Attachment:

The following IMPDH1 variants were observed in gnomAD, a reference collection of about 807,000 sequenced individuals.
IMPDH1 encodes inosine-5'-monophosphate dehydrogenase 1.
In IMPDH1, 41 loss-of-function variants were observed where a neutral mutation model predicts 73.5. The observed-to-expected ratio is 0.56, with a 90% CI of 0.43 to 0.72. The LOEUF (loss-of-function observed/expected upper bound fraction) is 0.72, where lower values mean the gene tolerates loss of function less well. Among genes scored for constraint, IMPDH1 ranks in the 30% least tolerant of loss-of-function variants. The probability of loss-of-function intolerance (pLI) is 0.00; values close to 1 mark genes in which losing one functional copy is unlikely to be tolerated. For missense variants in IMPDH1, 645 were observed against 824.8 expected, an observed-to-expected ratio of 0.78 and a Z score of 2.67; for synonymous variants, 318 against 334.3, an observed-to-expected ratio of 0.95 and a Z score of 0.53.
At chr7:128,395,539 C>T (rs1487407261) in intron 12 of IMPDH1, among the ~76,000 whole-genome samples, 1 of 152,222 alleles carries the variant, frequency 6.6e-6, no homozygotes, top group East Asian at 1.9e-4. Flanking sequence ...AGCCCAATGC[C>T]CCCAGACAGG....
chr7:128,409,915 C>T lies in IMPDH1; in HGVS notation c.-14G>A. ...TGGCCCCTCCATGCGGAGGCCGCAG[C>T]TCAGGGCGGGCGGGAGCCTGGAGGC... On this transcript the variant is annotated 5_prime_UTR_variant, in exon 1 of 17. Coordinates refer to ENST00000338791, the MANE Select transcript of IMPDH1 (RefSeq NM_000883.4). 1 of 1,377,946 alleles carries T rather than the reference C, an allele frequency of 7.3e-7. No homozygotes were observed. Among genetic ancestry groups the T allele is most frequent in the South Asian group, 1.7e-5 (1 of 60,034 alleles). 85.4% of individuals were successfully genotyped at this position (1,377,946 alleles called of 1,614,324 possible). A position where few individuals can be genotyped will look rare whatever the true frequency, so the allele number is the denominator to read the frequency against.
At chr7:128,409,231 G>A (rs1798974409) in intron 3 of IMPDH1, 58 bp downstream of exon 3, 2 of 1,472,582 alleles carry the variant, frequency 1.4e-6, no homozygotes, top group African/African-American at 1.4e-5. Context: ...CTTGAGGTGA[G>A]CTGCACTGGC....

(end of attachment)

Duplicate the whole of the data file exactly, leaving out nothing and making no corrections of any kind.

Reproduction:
The following IMPDH1 variants were observed in gnomAD, a reference collection of about 807,000 sequenced individuals.
IMPDH1 encodes inosine-5'-monophosphate dehydrogenase 1.
In IMPDH1, 41 loss-of-function variants were observed where a neutral mutation model predicts 73.5. The observed-to-expected ratio is 0.56, with a 90% CI of 0.43 to 0.72. The LOEUF (loss-of-function observed/expected upper bound fraction) is 0.72, where lower values mean the gene tolerates loss of function less well. Among genes scored for constraint, IMPDH1 ranks in the 30% least tolerant of loss-of-function variants. The probability of loss-of-function intolerance (pLI) is 0.00; values close to 1 mark genes in which losing one functional copy is unlikely to be tolerated. For missense variants in IMPDH1, 645 were observed against 824.8 expected, an observed-to-expected ratio of 0.78 and a Z score of 2.67; for synonymous variants, 318 against 334.3, an observed-to-expected ratio of 0.95 and a Z score of 0.53.
At chr7:128,395,539 C>T (rs1487407261) in intron 12 of IMPDH1, among the ~76,000 whole-genome samples, 1 of 152,222 alleles carries the variant, frequency 6.6e-6, no homozygotes, top group East Asian at 1.9e-4. Flanking sequence ...AGCCCAATGC[C>T]CCCAGACAGG....
chr7:128,409,915 C>T lies in IMPDH1; in HGVS notation c.-14G>A. ...TGGCCCCTCCATGCGGAGGCCGCAG[C>T]TCAGGGCGGGCGGGAGCCTGGAGGC... On this transcript the variant is annotated 5_prime_UTR_variant, in exon 1 of 17. Coordinates refer to ENST00000338791, the MANE Select transcript of IMPDH1 (RefSeq NM_000883.4). 1 of 1,377,946 alleles carries T rather than the reference C, an allele frequency of 7.3e-7. No homozygotes were observed. Among genetic ancestry groups the T allele is most frequent in the South Asian group, 1.7e-5 (1 of 60,034 alleles). 85.4% of individuals were successfully genotyped at this position (1,377,946 alleles called of 1,614,324 possible). A position where few individuals can be genotyped will look rare whatever the true frequency, so the allele number is the denominator to read the frequency against.
At chr7:128,409,231 G>A (rs1798974409) in intron 3 of IMPDH1, 58 bp downstream of exon 3, 2 of 1,472,582 alleles carry the variant, frequency 1.4e-6, no homozygotes, top group African/African-American at 1.4e-5. Context: ...CTTGAGGTGA[G>A]CTGCACTGGC....